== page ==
A round up of New Zealand’s year of gender ideology in 2023.
It’s been a little over a year since I started this Substack blog about gender ideology here in New Zealand. Since collating what 2022 brought us, its entrenchment in our public service and organisations hasn’t yet noticeably abated, but pushback against it is becoming more noticeable and voluble. Our new centre-right coalition government, elected on October 14th, may make an impact in slowing down the gender juggernaut, but right now it’s a little too soon to say.
Although more went on, of course, than just what I’ve written below, this is my roundup for what was a busy year in 23 points –
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1) The year started off on a good note with an announcement of the formation of the International Consortium on Female Sports (ICFS). The consortium, of which Save Women’s Sports Australasia is a founding member, will spearhead the protection of women’s sports. This is a much-needed organisation, especially after Sports New Zealand released ‘guidelines’ which basically compelled sporting bodies to allow men who say they’re women to compete in women’s sports if they wanted to continue to get funding from Sports NZ. Later in the year, however, one of the new coalition government’s policies vowed to overturn that.
2) In February, cyclones devastated the mid-east coast of the North Island and Auckland. Whilst many people did what they could to help the many, many traumatised people and animals whose lives had been turned upside down, trans activists held a vigil instead for a murdered young man on the other side of the world in the UK who identified as a woman, despite the police being very clear that he wasn’t killed specifically for that reason.
3) In early March, the Ministry of Education quietly introduced a bill to Parliament which re-worded clause 38 of the Education and Training Amendment Bill to allow trans activists to be brought onto school boards without being elected. Submissions on it closed five weeks later. There has been much disquiet about some of the age-inappropriate content of the Relationships and Sexuality Guidelines put out by the Ministry of Education, which Resist Gender Education writes about. However, the new coalition government has made promising statements about revising that content.
4) Also in March, Stats NZ’s 2023 Census committed to prioritising the concept of gender over biological sex. Even some trans-identified people and activists didn’t like the way the questions were finally worded on the Census form, apparently. With ‘gender’ being a fluid concept rather than a definition, it’s no surprise that it’s impossible to have a consensus from everyone about what it means. The data from the census will start being available from late May 2024.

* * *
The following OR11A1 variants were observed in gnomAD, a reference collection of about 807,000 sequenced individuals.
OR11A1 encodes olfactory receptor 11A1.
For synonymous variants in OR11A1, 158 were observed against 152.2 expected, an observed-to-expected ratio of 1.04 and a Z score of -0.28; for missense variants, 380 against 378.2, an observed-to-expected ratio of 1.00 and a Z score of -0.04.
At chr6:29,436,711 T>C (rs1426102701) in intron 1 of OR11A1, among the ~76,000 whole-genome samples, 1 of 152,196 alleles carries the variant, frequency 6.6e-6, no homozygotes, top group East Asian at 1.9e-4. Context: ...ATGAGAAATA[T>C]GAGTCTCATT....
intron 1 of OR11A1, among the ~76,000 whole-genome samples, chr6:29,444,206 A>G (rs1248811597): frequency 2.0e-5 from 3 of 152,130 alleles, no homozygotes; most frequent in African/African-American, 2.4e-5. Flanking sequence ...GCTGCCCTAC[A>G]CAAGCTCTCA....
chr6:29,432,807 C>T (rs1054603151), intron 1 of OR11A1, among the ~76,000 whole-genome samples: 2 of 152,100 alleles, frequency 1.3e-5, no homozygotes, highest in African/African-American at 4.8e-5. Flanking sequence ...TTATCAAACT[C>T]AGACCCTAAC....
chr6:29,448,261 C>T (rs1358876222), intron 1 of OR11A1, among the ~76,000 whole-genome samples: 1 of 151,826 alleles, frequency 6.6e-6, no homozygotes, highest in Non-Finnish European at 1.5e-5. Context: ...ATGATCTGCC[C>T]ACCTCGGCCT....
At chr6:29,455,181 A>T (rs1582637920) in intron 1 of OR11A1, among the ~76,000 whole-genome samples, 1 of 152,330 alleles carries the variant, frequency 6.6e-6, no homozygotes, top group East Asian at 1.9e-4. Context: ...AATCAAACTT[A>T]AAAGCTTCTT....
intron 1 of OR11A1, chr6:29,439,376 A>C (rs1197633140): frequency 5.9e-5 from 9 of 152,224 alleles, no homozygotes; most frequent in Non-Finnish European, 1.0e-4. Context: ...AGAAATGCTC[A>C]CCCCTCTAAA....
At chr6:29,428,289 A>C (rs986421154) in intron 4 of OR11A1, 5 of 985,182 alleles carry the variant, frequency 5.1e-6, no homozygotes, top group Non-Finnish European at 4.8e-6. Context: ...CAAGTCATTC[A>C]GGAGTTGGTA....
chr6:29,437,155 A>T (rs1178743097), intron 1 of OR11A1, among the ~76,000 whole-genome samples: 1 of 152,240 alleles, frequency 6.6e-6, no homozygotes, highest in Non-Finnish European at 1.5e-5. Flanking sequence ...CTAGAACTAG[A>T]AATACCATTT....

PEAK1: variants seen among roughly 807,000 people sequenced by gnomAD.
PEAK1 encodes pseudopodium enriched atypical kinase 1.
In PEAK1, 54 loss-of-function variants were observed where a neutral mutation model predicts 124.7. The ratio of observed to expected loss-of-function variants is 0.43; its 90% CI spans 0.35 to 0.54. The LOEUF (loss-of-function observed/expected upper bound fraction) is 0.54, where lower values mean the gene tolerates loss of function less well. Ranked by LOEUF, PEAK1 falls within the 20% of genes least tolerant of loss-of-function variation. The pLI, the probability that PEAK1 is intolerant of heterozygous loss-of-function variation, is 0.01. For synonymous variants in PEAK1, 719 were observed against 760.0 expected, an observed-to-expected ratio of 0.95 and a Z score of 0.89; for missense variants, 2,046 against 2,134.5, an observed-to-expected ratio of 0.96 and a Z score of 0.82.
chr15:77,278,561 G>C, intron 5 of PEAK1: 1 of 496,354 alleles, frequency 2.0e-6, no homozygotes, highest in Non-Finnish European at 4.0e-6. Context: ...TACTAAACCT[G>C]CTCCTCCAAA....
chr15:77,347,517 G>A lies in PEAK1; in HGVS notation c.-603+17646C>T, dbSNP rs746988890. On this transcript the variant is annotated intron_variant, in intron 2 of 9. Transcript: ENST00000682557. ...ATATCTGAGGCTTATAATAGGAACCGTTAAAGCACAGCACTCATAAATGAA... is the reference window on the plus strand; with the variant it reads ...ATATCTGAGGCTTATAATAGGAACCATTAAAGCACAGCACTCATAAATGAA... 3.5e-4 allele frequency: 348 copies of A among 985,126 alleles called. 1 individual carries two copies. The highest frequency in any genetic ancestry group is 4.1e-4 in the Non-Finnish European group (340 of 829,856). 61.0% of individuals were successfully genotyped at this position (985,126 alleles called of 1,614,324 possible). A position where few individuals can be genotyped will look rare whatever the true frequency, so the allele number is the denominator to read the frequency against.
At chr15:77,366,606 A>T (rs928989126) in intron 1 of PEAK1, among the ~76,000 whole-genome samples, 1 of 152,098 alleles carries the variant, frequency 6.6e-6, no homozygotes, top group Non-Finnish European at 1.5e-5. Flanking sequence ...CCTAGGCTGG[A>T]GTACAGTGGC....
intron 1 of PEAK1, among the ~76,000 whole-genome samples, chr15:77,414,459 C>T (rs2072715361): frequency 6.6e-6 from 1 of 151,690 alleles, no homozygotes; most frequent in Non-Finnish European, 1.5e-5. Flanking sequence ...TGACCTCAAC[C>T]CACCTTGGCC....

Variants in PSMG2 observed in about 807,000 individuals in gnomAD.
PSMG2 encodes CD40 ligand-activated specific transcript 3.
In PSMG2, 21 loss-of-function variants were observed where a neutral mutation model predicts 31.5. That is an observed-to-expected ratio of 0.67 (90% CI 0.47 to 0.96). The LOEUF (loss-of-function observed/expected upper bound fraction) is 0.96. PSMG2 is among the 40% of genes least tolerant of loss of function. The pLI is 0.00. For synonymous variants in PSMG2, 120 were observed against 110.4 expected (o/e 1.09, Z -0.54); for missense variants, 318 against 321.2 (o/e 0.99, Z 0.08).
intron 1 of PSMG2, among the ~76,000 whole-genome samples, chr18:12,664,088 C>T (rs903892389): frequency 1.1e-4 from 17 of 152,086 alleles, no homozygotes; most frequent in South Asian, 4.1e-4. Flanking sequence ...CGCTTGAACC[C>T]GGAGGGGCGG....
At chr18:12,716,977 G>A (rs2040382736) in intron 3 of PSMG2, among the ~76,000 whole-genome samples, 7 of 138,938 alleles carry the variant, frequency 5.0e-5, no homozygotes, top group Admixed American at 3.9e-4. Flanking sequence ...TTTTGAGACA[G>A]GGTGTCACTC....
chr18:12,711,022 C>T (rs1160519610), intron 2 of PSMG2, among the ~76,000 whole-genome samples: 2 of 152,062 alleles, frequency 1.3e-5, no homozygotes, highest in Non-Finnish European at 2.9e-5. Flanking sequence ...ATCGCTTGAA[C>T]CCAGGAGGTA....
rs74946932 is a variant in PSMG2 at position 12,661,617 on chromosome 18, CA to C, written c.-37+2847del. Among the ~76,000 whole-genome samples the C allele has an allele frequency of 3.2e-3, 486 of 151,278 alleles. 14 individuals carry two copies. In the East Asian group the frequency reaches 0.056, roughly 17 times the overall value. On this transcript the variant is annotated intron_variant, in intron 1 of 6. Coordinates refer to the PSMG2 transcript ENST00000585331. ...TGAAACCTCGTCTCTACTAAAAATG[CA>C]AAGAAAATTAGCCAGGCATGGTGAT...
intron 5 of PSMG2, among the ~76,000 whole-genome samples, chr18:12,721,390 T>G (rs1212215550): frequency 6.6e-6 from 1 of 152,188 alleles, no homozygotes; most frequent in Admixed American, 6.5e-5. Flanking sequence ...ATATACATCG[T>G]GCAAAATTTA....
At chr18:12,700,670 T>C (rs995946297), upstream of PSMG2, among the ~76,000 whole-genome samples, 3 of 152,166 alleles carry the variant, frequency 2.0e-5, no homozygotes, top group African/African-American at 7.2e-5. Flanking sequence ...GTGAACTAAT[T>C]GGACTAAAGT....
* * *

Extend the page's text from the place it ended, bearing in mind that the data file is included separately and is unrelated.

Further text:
5) Kellie-Jay Keen committed to coming to New Zealand in late March to front her Let Women Speak rally in Auckland and Wellington. As much as we women knew we had to look after each other during the rallies, none of us anticipated the intensity of the mob violence from the protestors that occurred on the day of the Auckland rally. That rally ended up being terrifying for some of the attendees, got abandoned, and the Wellington one cancelled. Four of us ol’ terfs went to Wellington for the day, anyway, even though the rally was off, just to use our pre-purchased aeroplane tickets, and got kicked out of an eatery there for the temerity of being terfs. We’re still chuckling over that. Shortly after the worst day in New Zealand’s history for mob violence against women, a superficial count of articles with the words ‘Posie Parker’ in the headline for the seven days prior to her visit came up with what amounted to 158 hit pieces.
6) In a move only the determinedly ‘progressively correct’ could entertain even for a second, the prime motivator behind the mob violence against women at the Let Women Speak rally in Auckland on March 25th was awarded the Young New Zealander of the Year shortly afterwards. I prefer not to mention his name if I can help it, but it is in the article in the link above.
7) Then in July, that same man opened an account on the new Threads app, which is an alternative to X (formerly Twitter), to ostensibly escape terfs, who’ve “made the lives of trans people living hell”. What actually happened was that the mob violence against (mainly) women he was instrumental in instigating opened the eyes of many more New Zealanders, and thanks to the presence of a videographer whose on-the-spot videos went global they saw for themselves what went down on that day, and they didn’t like what they saw. However, NZ’s two biggest telecommunications companies, Spark and OneNewZealand, were a little bit behind in reading the room – or, at least, their social media comms staff were. They came out publicly in support of this women-hating bloke on the new Threads account, and the blowback was satisfactorily swift in the form of numerous phone and internet accounts with them being transferred to different providers. The word was that the CEOs of those companies weren’t best pleased about what their social media comms staff had brought down upon them. For some reason, though, despite supposedly wanting a refuge away from X, I believe the women-hating bloke remains there.